TD aren’t content to merely noodle and jam around the endless circular rhythms and motifs provided by the sequencers. Some of Aachen‘s most thrilling moments are relatively stripped down and all-too-human, like the unadorned piano minimalism of “Elisenburg,” bringing to mind some of the ecstatic solo performances of Keith Jarrett and Bill Evans in the ’70s but laced with hypnotic field recordings. Or the downright epicness of “Diamond Diary (guitar part)”.
Listening backwards, with the benefit of 40 years and 3 days, it’s possible to place Tangerine Dream (and the Berlin School in general) in a tradition of Teutonic classical music, seeking every possible permutation and modulation in an endless machine music, as can be heard in the eternity of Bach’s counterpoint. Although mechanistic, Aachen January 21, 1981 never becomes mechanical. This is not the sound of machines playing themselves like you’d get with Kraftwerk. This is the sound of the man-machine, of humans living in harmony with technology, unleashed for its full utopian possibilities instead of being yoked to the death machine of capitalism.
Listening to old futurism is an interesting exercise. If yr not careful, it can quickly become just more nostalgia, which the music seems to be pretty clearly negating – a yearning for a less complicated time, perhaps of one’s childhood if you were alive in the ’80s. Or it can be an act of reflective nostalgia, as put forth by theorist Svetlana Boym in her book The Future Of Nostalgia. Reflective nostalgia involves interacting with the past critically. Divorced from the propulsive thrust of futurism, no longer novel, you simply have to ask – “does this sound good?” “Is this good music?”
On the count of Aachen January 21, 1981 i, for one, answer with a resounding yes. It’s unclear what kind of gear Tangerine Dream were working with (again does anyone know?), but it sounds marvelous! The synths are warm, glowing – exquisitely recorded in all their analog glory. Pink Floyd at their most mystical are one touchstone, as is the ancient futurism of Popol Vuh. But it also brings to mind ’80s New Age (and also newage, but more on that later) music, conjuring some grand cosmic mall listening kiosk in yr mind so vividly you’ll be able to smell the popcorn and chlorine.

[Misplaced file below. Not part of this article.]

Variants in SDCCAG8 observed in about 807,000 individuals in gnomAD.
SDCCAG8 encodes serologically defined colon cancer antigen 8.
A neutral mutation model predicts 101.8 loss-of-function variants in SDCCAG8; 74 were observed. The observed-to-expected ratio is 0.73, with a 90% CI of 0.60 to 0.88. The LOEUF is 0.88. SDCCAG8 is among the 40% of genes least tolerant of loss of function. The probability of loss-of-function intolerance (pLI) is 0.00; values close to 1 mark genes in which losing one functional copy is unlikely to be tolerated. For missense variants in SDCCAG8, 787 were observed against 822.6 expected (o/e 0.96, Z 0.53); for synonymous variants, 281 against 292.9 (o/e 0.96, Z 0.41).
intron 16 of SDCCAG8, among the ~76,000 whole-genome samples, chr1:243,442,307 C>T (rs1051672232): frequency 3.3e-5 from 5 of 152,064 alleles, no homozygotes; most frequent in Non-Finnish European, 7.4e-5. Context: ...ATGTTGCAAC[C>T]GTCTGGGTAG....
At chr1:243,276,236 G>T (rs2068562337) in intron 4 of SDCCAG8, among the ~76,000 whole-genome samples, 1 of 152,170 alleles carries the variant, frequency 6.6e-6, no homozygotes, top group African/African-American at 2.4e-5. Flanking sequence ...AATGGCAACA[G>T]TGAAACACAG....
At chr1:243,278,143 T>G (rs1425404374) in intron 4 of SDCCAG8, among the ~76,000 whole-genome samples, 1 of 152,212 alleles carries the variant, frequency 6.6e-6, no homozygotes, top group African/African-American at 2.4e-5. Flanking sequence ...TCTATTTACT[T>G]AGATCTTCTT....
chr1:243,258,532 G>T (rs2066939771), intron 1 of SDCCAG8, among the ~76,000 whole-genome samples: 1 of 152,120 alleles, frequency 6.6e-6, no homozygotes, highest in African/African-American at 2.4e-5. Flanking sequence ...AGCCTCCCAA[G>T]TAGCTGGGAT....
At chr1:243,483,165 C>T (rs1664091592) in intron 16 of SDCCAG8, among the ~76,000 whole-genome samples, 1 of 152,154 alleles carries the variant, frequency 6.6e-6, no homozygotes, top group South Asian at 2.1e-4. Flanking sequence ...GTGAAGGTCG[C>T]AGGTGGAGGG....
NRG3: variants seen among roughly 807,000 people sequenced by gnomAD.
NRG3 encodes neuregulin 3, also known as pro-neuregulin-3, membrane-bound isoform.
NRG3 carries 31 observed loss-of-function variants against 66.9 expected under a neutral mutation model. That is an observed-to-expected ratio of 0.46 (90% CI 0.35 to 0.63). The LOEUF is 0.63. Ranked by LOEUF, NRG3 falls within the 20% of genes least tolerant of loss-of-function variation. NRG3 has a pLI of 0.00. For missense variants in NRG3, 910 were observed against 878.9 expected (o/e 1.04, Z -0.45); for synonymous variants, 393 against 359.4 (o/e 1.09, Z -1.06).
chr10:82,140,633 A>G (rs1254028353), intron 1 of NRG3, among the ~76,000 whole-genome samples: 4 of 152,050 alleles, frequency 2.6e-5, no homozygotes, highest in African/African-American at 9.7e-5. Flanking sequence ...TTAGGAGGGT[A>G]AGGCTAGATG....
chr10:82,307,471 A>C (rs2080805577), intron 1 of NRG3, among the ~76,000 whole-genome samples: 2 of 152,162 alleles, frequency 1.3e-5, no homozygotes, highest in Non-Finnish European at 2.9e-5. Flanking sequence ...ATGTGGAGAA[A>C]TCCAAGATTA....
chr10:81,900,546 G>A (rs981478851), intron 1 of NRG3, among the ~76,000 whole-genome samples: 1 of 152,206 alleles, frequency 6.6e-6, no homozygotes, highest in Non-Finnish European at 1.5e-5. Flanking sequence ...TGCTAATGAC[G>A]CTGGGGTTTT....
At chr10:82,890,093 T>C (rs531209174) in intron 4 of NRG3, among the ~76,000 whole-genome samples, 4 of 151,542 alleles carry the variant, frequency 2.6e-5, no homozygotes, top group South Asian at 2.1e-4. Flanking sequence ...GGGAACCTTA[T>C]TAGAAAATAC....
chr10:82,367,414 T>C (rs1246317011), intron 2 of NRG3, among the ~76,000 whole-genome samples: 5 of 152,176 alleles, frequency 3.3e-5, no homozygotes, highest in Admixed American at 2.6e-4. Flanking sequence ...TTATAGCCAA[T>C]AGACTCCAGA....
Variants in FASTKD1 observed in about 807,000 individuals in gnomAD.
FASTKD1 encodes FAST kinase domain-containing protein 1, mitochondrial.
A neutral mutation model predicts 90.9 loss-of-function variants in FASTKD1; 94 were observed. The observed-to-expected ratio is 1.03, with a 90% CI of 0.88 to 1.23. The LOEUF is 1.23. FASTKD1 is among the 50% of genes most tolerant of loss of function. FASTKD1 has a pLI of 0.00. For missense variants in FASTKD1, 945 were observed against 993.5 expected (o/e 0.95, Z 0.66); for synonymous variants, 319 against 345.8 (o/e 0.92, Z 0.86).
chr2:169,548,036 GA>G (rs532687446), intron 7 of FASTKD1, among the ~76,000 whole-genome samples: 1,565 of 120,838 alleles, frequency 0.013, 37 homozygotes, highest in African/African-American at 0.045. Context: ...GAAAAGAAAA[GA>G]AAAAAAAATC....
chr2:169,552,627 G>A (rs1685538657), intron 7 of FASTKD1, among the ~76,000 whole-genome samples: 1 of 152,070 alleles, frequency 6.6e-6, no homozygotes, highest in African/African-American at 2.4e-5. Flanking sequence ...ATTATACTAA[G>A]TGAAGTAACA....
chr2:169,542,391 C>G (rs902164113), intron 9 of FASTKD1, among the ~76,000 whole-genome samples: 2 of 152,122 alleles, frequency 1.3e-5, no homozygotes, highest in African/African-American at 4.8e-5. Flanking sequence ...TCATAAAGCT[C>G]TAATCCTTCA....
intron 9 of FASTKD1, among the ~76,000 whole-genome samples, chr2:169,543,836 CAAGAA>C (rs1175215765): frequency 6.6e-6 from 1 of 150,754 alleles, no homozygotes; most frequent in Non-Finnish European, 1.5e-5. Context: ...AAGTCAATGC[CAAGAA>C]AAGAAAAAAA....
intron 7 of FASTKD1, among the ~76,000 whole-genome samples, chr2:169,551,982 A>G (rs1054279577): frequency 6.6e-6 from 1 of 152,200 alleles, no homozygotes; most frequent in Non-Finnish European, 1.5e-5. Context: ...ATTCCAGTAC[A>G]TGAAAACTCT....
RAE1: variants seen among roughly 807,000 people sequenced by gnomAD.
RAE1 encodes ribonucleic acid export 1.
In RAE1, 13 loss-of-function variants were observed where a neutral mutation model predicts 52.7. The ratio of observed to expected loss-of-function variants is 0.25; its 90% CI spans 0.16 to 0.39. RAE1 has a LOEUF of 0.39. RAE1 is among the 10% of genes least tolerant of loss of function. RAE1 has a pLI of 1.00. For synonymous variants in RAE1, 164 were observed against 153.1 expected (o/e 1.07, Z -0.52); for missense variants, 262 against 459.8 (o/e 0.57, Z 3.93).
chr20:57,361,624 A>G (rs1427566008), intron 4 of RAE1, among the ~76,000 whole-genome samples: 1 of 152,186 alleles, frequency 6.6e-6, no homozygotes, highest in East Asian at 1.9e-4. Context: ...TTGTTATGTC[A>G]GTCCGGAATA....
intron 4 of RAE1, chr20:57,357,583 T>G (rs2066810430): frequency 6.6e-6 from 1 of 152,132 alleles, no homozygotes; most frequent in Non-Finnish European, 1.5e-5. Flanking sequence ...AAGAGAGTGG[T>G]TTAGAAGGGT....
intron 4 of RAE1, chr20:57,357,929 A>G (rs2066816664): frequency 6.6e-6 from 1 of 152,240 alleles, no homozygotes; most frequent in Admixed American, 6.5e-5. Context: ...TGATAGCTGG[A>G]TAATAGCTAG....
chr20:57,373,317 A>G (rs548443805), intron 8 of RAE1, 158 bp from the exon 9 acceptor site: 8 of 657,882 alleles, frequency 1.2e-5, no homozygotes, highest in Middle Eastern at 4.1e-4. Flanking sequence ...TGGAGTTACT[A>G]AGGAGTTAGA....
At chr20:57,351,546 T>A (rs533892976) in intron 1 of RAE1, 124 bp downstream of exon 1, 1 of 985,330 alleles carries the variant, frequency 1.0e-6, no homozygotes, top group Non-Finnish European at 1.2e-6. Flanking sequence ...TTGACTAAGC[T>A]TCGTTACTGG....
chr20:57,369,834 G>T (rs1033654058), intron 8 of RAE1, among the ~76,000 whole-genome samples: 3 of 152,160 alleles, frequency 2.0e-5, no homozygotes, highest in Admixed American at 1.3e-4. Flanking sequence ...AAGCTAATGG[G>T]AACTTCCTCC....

Aachen also is impressively forward-looking. This particular brand of cybernetic synth rock would resurface in the 2000s – 2010s with music from the cassette tape underground, especially with bands like Emeralds and related projects.
These are some of the redemptive powers of reflective nostalgia – the ability to admit and admire the strengths of the past without merely worshipping it. Aachen January 21, 1981 is also an interesting historical document, inviting us to reflect on the last 40 years and all that’s past. It’s an invitation to preserve the good but discard the detritus.
As i sometimes do, i’m also calling upon yr collective musical and theoretical expertise. I’d love to be a stone-cold expert on all things ’80s but am not quite there yet. Does anyone happen to know what gear Tangerine Dream were working with on their 1981 tour? Also, does anyone know of any books or articles on ’80s New Age music? Would love to read more!
Finally, what’re some other classic ambient albums you’d like to see covered on Forestpunk? I’m going to be doing a lot more writing on historical music this year, as i’ve been researching like a madman here on this end of things. Am actively working on the Dark Ambient Classics, Post-Punk Classics, and Ambient Classics, so far! Would love to lend my ears to help spread the word on excellent exploratory music of all eras. Let me know in the comments or get in touch with me on Twitter!